The aim of this paper is to examine the quality perceptions of developing country consumers in Malaysia and Papua New Guinea (PNG), on a high‐ and low‐involvement product (personal computer and shoes) produced by the manufacturing countries of origin of the USA, Australia, Italy and Brazil.
The country‐of‐origin (COO) effect on quality perceptions was measured by exploring interactive effect differences, using analysis of variance.
The findings from this study were first, that consumers in PNG evaluated their homemade products less favourably than foreign‐made products. Second, that COO effects influence consumers' preferences differently in the case of high‐ and low‐involvement products and third, that analyses using overall mean values instead of interaction effects can lead to incorrect interpretations. The results also supported the widely held view that consumers hold stereotypical views of products made in different foreign countries but disagreed about the nature of such stereotypical views.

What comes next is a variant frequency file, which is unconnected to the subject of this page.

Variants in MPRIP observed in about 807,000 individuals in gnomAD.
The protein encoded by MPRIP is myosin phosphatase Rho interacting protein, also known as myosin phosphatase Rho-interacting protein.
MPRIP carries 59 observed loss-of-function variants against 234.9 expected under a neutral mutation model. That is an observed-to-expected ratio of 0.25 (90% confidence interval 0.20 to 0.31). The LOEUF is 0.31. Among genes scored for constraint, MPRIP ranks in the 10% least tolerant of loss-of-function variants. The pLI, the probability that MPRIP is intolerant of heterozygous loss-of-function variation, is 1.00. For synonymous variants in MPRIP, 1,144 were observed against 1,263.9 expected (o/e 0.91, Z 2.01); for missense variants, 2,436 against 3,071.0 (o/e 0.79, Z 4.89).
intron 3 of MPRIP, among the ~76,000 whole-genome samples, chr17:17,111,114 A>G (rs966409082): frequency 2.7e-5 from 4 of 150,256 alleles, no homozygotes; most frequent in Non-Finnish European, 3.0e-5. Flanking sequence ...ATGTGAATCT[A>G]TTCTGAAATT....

The main implications of this study are first, that more attention needs to be paid to a product's COO when marketing to consumers in Malaysia and PNG. Second, that in the case of high‐ and low‐involvement products, marketing managers should take special care to examine the impact of COO effects. Third, that COO research should take care to correctly evaluate and use interaction effects since the simple use of overall mean values can produce very different and incorrect interpretations.
This paper makes important contributions to the COO and consumer ethnocentrism research.
Saffu, K. and Scott, D. (2009), "Developing country perceptions of high‐ and low‐involvement products manufactured in other countries", International Journal of Emerging Markets, Vol. 4 No. 2, pp. 185-199. https://doi.org/10.1108/17468800910945792
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